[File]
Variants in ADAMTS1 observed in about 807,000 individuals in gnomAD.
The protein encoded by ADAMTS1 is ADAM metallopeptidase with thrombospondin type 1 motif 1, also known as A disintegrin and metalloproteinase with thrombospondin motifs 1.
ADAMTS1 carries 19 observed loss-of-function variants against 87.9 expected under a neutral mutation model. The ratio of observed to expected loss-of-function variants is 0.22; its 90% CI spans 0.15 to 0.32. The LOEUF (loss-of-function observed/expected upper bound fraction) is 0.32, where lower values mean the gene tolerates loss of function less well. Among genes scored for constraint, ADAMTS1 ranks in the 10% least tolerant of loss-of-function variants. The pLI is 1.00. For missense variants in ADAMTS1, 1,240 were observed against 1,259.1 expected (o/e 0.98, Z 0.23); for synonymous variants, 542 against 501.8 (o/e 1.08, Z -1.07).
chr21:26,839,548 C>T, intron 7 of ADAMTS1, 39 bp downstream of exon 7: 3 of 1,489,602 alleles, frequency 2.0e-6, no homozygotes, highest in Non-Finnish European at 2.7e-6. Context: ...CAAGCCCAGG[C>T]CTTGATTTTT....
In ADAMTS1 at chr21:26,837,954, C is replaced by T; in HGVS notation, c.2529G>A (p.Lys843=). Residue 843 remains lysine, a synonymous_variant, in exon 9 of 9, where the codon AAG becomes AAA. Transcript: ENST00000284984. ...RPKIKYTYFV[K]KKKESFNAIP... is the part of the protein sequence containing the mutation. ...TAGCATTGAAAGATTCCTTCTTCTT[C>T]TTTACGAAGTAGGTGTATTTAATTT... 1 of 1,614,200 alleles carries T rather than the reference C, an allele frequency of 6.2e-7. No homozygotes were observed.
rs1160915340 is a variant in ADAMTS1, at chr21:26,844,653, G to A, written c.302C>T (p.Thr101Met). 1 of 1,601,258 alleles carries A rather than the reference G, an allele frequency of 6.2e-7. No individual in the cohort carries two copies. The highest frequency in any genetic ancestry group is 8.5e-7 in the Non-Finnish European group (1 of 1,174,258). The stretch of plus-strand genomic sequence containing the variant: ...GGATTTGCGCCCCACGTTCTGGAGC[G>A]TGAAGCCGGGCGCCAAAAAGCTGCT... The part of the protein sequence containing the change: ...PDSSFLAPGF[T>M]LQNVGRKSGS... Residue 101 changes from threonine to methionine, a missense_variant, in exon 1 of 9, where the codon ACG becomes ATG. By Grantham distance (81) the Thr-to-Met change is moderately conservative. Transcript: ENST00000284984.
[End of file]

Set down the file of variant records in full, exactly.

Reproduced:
Variants in ADAMTS1 observed in about 807,000 individuals in gnomAD.
The protein encoded by ADAMTS1 is ADAM metallopeptidase with thrombospondin type 1 motif 1, also known as A disintegrin and metalloproteinase with thrombospondin motifs 1.
ADAMTS1 carries 19 observed loss-of-function variants against 87.9 expected under a neutral mutation model. The ratio of observed to expected loss-of-function variants is 0.22; its 90% CI spans 0.15 to 0.32. The LOEUF (loss-of-function observed/expected upper bound fraction) is 0.32, where lower values mean the gene tolerates loss of function less well. Among genes scored for constraint, ADAMTS1 ranks in the 10% least tolerant of loss-of-function variants. The pLI is 1.00. For missense variants in ADAMTS1, 1,240 were observed against 1,259.1 expected (o/e 0.98, Z 0.23); for synonymous variants, 542 against 501.8 (o/e 1.08, Z -1.07).
chr21:26,839,548 C>T, intron 7 of ADAMTS1, 39 bp downstream of exon 7: 3 of 1,489,602 alleles, frequency 2.0e-6, no homozygotes, highest in Non-Finnish European at 2.7e-6. Context: ...CAAGCCCAGG[C>T]CTTGATTTTT....
In ADAMTS1 at chr21:26,837,954, C is replaced by T; in HGVS notation, c.2529G>A (p.Lys843=). Residue 843 remains lysine, a synonymous_variant, in exon 9 of 9, where the codon AAG becomes AAA. Transcript: ENST00000284984. ...RPKIKYTYFV[K]KKKESFNAIP... is the part of the protein sequence containing the mutation. ...TAGCATTGAAAGATTCCTTCTTCTT[C>T]TTTACGAAGTAGGTGTATTTAATTT... 1 of 1,614,200 alleles carries T rather than the reference C, an allele frequency of 6.2e-7. No homozygotes were observed.
rs1160915340 is a variant in ADAMTS1, at chr21:26,844,653, G to A, written c.302C>T (p.Thr101Met). 1 of 1,601,258 alleles carries A rather than the reference G, an allele frequency of 6.2e-7. No individual in the cohort carries two copies. The highest frequency in any genetic ancestry group is 8.5e-7 in the Non-Finnish European group (1 of 1,174,258). The stretch of plus-strand genomic sequence containing the variant: ...GGATTTGCGCCCCACGTTCTGGAGC[G>A]TGAAGCCGGGCGCCAAAAAGCTGCT... The part of the protein sequence containing the change: ...PDSSFLAPGF[T>M]LQNVGRKSGS... Residue 101 changes from threonine to methionine, a missense_variant, in exon 1 of 9, where the codon ACG becomes ATG. By Grantham distance (81) the Thr-to-Met change is moderately conservative. Transcript: ENST00000284984.